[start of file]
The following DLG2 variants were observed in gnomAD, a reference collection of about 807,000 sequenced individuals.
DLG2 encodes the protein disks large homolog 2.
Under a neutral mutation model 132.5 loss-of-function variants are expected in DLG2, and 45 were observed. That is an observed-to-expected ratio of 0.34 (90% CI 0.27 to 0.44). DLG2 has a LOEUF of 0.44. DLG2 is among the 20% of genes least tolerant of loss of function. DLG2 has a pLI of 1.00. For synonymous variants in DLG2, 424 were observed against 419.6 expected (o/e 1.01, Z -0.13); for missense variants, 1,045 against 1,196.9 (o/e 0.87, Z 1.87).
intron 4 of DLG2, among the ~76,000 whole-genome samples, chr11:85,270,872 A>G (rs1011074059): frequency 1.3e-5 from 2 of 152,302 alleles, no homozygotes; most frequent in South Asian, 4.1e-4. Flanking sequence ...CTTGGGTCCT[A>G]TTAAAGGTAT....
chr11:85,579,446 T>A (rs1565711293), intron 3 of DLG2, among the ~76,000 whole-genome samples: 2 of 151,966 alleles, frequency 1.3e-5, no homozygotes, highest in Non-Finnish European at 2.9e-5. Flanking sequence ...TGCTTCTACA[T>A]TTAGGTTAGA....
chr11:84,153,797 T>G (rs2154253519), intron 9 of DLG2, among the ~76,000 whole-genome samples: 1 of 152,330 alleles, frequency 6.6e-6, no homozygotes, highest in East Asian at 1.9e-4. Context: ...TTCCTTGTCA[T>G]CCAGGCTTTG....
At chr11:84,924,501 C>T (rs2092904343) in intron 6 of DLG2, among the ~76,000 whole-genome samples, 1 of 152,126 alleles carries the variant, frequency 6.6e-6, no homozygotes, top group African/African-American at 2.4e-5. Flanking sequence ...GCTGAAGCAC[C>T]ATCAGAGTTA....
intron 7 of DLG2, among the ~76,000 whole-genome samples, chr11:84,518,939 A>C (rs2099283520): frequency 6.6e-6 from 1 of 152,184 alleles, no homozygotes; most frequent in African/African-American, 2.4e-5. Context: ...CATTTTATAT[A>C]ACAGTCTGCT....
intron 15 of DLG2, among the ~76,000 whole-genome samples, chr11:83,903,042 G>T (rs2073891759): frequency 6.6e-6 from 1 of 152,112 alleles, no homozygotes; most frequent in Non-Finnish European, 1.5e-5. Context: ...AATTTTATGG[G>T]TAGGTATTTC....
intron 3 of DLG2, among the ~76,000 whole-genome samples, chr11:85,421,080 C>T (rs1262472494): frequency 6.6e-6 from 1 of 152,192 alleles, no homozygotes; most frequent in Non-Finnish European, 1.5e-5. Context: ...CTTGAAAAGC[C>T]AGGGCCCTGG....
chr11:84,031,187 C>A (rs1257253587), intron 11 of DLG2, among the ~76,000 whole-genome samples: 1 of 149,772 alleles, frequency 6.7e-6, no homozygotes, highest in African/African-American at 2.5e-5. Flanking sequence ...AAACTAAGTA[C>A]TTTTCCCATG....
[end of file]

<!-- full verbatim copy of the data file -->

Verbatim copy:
The following DLG2 variants were observed in gnomAD, a reference collection of about 807,000 sequenced individuals.
DLG2 encodes the protein disks large homolog 2.
Under a neutral mutation model 132.5 loss-of-function variants are expected in DLG2, and 45 were observed. That is an observed-to-expected ratio of 0.34 (90% CI 0.27 to 0.44). DLG2 has a LOEUF of 0.44. DLG2 is among the 20% of genes least tolerant of loss of function. DLG2 has a pLI of 1.00. For synonymous variants in DLG2, 424 were observed against 419.6 expected (o/e 1.01, Z -0.13); for missense variants, 1,045 against 1,196.9 (o/e 0.87, Z 1.87).
intron 4 of DLG2, among the ~76,000 whole-genome samples, chr11:85,270,872 A>G (rs1011074059): frequency 1.3e-5 from 2 of 152,302 alleles, no homozygotes; most frequent in South Asian, 4.1e-4. Flanking sequence ...CTTGGGTCCT[A>G]TTAAAGGTAT....
chr11:85,579,446 T>A (rs1565711293), intron 3 of DLG2, among the ~76,000 whole-genome samples: 2 of 151,966 alleles, frequency 1.3e-5, no homozygotes, highest in Non-Finnish European at 2.9e-5. Flanking sequence ...TGCTTCTACA[T>A]TTAGGTTAGA....
chr11:84,153,797 T>G (rs2154253519), intron 9 of DLG2, among the ~76,000 whole-genome samples: 1 of 152,330 alleles, frequency 6.6e-6, no homozygotes, highest in East Asian at 1.9e-4. Context: ...TTCCTTGTCA[T>G]CCAGGCTTTG....
At chr11:84,924,501 C>T (rs2092904343) in intron 6 of DLG2, among the ~76,000 whole-genome samples, 1 of 152,126 alleles carries the variant, frequency 6.6e-6, no homozygotes, top group African/African-American at 2.4e-5. Flanking sequence ...GCTGAAGCAC[C>T]ATCAGAGTTA....
intron 7 of DLG2, among the ~76,000 whole-genome samples, chr11:84,518,939 A>C (rs2099283520): frequency 6.6e-6 from 1 of 152,184 alleles, no homozygotes; most frequent in African/African-American, 2.4e-5. Context: ...CATTTTATAT[A>C]ACAGTCTGCT....
intron 15 of DLG2, among the ~76,000 whole-genome samples, chr11:83,903,042 G>T (rs2073891759): frequency 6.6e-6 from 1 of 152,112 alleles, no homozygotes; most frequent in Non-Finnish European, 1.5e-5. Context: ...AATTTTATGG[G>T]TAGGTATTTC....
intron 3 of DLG2, among the ~76,000 whole-genome samples, chr11:85,421,080 C>T (rs1262472494): frequency 6.6e-6 from 1 of 152,192 alleles, no homozygotes; most frequent in Non-Finnish European, 1.5e-5. Context: ...CTTGAAAAGC[C>T]AGGGCCCTGG....
chr11:84,031,187 C>A (rs1257253587), intron 11 of DLG2, among the ~76,000 whole-genome samples: 1 of 149,772 alleles, frequency 6.7e-6, no homozygotes, highest in African/African-American at 2.5e-5. Flanking sequence ...AAACTAAGTA[C>A]TTTTCCCATG....